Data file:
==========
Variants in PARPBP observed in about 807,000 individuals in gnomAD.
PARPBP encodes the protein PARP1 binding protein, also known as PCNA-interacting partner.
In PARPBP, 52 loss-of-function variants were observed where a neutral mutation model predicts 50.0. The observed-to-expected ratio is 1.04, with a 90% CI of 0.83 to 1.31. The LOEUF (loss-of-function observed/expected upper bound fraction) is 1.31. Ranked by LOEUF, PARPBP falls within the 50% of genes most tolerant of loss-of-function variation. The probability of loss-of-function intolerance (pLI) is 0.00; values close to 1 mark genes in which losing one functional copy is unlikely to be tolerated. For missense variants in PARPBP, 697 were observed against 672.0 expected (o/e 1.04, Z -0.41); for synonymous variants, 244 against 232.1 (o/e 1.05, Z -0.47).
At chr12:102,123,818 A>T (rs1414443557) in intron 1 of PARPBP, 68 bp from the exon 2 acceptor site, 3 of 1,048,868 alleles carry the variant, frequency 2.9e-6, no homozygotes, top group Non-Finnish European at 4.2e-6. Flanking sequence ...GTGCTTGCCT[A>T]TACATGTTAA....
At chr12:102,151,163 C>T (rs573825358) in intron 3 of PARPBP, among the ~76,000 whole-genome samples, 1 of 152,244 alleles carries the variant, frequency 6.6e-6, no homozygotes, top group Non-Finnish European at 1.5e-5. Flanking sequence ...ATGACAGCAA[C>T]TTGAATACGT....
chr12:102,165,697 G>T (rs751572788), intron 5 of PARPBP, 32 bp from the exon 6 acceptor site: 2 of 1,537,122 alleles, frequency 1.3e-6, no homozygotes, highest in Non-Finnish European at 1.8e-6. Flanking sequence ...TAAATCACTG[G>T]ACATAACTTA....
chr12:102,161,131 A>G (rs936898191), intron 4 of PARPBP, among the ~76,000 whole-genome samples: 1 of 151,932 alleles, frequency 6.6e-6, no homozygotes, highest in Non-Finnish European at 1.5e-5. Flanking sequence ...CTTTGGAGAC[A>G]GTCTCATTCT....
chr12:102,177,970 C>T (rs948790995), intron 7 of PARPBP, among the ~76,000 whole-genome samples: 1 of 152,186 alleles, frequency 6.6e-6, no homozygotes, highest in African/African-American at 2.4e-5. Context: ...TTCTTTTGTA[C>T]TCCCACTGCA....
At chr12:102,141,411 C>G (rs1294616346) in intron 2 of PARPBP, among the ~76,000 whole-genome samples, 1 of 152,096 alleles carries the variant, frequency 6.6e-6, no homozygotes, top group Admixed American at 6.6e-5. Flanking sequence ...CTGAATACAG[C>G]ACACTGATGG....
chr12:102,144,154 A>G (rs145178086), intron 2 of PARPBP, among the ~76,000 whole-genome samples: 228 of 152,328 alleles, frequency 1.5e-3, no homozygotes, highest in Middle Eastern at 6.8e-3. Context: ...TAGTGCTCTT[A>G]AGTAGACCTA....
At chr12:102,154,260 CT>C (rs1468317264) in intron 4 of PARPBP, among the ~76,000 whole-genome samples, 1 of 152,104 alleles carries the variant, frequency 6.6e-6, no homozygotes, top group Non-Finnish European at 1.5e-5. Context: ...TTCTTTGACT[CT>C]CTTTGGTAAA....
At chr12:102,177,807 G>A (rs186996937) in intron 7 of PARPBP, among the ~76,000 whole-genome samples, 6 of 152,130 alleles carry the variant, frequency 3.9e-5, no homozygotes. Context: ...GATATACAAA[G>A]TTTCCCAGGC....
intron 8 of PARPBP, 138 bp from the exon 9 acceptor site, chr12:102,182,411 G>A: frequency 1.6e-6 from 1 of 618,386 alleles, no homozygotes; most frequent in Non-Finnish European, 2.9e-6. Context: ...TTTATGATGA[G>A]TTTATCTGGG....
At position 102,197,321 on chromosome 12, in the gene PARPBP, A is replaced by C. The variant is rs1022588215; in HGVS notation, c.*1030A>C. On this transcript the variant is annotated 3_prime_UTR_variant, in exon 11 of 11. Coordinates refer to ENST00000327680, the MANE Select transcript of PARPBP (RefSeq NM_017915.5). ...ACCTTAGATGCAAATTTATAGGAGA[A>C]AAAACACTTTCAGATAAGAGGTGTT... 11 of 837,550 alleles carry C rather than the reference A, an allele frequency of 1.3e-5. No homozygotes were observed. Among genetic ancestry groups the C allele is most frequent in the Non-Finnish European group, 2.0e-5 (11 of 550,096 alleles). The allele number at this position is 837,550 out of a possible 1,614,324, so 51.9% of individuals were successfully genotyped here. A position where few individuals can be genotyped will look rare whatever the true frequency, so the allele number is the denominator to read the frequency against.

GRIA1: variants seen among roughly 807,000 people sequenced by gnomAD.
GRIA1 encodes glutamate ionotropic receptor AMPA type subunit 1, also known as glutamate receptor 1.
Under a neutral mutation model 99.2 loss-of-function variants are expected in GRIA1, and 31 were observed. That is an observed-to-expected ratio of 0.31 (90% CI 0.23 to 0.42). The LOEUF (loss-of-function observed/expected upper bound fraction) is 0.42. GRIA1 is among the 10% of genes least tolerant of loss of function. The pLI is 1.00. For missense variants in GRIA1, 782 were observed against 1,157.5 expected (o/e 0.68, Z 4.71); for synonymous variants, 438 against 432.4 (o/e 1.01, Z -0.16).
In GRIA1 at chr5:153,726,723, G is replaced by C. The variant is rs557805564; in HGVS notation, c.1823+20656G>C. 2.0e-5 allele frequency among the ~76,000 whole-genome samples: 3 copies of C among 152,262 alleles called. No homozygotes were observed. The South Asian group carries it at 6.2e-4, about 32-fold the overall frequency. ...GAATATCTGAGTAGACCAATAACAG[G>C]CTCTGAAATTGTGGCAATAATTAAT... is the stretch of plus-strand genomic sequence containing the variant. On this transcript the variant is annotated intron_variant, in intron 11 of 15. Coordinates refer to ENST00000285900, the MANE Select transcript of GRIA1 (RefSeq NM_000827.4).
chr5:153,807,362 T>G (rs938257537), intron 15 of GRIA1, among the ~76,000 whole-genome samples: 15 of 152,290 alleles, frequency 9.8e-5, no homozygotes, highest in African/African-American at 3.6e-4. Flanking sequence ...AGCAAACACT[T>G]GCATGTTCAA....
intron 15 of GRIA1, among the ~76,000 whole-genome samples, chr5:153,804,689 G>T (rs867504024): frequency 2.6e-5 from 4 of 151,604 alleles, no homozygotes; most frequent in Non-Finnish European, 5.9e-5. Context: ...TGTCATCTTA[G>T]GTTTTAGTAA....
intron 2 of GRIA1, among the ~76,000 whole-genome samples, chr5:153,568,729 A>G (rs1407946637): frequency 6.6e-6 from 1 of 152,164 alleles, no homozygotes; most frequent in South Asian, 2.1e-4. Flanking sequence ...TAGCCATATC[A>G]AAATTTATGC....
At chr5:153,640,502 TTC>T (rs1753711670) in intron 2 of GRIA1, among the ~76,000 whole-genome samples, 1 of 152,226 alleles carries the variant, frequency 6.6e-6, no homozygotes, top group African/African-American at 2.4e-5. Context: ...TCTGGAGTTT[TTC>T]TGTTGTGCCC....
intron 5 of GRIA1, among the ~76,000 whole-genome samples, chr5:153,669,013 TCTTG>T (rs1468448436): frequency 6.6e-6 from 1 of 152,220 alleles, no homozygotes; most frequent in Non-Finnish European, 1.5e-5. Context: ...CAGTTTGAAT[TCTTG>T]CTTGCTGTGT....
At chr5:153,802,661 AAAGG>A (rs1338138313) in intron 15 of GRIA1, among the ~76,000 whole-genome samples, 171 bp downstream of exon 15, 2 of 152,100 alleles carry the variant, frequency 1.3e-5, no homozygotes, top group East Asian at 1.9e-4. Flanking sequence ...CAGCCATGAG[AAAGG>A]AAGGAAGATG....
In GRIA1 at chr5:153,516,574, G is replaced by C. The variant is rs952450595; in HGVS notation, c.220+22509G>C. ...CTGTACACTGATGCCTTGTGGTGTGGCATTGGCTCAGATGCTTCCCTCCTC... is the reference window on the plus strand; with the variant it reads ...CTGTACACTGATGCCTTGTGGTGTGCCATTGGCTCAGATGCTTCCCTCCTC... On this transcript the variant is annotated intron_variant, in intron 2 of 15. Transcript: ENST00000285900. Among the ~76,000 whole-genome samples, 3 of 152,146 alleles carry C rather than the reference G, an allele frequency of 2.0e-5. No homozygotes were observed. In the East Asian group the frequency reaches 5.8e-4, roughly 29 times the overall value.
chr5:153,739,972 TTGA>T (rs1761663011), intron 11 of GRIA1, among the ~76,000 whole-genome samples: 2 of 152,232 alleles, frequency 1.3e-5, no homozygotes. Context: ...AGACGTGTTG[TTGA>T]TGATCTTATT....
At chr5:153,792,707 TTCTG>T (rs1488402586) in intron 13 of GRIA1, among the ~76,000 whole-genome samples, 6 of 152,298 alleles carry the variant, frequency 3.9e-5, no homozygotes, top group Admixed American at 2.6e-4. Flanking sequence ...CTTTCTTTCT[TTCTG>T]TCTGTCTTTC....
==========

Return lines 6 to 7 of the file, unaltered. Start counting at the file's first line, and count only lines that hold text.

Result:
chr12:102,165,697 G>T (rs751572788), intron 5 of PARPBP, 32 bp from the exon 6 acceptor site: 2 of 1,537,122 alleles, frequency 1.3e-6, no homozygotes, highest in Non-Finnish European at 1.8e-6. Flanking sequence ...TAAATCACTG[G>T]ACATAACTTA....
chr12:102,161,131 A>G (rs936898191), intron 4 of PARPBP, among the ~76,000 whole-genome samples: 1 of 151,932 alleles, frequency 6.6e-6, no homozygotes, highest in Non-Finnish European at 1.5e-5. Flanking sequence ...CTTTGGAGAC[A>G]GTCTCATTCT....